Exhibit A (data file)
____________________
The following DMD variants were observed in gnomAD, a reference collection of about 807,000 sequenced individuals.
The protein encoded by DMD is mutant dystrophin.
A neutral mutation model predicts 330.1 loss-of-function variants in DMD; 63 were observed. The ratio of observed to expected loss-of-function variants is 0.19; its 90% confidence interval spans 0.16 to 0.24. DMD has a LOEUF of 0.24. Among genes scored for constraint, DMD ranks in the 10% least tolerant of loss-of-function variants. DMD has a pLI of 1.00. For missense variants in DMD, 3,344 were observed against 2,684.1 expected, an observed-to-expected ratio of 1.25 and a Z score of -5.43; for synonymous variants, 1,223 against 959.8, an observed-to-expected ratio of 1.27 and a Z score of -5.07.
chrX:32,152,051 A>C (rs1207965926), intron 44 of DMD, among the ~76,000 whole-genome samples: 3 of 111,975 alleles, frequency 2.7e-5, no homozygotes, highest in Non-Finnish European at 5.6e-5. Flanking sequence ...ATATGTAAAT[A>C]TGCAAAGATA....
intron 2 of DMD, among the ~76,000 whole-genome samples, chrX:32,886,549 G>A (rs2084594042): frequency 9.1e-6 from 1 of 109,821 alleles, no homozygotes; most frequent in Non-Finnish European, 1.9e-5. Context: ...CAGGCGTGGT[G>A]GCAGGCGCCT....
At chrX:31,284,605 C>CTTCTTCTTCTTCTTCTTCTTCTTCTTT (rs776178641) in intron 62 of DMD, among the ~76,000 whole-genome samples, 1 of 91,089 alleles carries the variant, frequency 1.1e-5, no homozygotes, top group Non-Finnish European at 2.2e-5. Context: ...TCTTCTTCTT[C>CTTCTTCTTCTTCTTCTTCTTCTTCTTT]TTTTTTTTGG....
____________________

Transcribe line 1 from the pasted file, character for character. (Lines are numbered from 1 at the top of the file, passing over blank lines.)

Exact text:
The following DMD variants were observed in gnomAD, a reference collection of about 807,000 sequenced individuals.